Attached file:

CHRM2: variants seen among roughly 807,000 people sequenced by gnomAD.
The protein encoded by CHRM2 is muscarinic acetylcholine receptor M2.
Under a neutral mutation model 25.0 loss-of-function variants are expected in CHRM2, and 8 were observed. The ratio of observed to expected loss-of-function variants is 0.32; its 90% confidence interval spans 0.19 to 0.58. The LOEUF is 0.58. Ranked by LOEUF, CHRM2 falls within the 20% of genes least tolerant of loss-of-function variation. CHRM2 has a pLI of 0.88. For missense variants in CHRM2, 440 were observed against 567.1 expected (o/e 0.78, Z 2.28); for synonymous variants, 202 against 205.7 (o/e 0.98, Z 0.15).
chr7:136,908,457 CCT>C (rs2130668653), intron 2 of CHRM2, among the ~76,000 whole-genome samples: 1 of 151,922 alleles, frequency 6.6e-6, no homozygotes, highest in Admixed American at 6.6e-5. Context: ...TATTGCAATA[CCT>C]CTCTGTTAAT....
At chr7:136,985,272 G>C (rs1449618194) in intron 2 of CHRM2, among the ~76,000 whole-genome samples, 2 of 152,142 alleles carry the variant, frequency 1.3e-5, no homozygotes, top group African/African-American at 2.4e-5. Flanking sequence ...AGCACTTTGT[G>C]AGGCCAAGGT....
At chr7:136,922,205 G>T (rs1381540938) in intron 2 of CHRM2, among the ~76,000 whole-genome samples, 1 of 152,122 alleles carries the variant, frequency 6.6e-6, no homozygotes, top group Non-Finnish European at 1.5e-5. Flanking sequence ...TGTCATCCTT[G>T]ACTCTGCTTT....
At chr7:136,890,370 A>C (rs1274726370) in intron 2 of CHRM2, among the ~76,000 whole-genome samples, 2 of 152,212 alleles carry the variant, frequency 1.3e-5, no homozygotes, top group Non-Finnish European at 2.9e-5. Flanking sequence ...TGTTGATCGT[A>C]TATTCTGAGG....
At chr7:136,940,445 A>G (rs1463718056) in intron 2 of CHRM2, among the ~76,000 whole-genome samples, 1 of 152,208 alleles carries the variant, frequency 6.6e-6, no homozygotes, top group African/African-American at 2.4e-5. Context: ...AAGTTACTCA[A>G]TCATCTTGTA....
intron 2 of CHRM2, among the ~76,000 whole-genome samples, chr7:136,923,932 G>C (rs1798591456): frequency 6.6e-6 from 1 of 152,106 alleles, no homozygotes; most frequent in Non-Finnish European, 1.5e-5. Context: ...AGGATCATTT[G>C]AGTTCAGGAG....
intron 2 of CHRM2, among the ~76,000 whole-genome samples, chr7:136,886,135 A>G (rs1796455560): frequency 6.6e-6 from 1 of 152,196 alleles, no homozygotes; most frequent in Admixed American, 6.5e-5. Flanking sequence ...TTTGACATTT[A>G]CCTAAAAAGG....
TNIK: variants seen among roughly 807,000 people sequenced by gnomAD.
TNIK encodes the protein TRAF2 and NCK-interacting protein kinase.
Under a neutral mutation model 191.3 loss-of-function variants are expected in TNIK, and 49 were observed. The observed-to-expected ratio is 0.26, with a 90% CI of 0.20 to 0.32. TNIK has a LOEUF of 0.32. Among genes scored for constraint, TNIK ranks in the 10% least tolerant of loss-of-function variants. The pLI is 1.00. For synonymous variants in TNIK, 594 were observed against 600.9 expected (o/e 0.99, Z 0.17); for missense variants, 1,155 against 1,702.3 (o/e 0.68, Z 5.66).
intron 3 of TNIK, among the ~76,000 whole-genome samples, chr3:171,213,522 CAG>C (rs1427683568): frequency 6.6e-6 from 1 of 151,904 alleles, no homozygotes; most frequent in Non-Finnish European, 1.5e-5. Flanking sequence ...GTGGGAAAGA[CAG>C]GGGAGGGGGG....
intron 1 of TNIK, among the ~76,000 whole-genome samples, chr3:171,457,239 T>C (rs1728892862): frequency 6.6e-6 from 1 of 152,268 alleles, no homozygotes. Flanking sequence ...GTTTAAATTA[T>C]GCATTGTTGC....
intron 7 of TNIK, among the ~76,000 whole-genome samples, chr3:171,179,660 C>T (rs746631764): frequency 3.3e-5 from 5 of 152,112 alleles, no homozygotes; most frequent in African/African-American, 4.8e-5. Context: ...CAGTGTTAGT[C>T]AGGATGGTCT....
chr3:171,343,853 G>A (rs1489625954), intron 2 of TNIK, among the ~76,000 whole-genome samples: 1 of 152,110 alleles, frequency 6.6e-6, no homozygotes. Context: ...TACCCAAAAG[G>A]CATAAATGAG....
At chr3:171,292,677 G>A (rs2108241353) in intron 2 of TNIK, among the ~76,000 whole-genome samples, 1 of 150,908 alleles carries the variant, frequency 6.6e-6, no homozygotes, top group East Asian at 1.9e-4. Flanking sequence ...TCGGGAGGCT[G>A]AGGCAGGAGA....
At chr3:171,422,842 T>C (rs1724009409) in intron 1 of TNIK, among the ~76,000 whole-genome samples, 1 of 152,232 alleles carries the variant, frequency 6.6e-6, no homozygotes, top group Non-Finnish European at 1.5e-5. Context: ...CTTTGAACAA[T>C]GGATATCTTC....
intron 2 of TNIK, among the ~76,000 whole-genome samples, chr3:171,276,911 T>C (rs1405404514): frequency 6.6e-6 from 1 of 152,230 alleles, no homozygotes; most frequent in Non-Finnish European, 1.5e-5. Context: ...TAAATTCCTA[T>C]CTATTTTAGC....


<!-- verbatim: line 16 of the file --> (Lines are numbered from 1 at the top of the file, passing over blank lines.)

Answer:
intron 7 of TNIK, among the ~76,000 whole-genome samples, chr3:171,179,660 C>T (rs746631764): frequency 3.3e-5 from 5 of 152,112 alleles, no homozygotes; most frequent in African/African-American, 4.8e-5. Context: ...CAGTGTTAGT[C>T]AGGATGGTCT....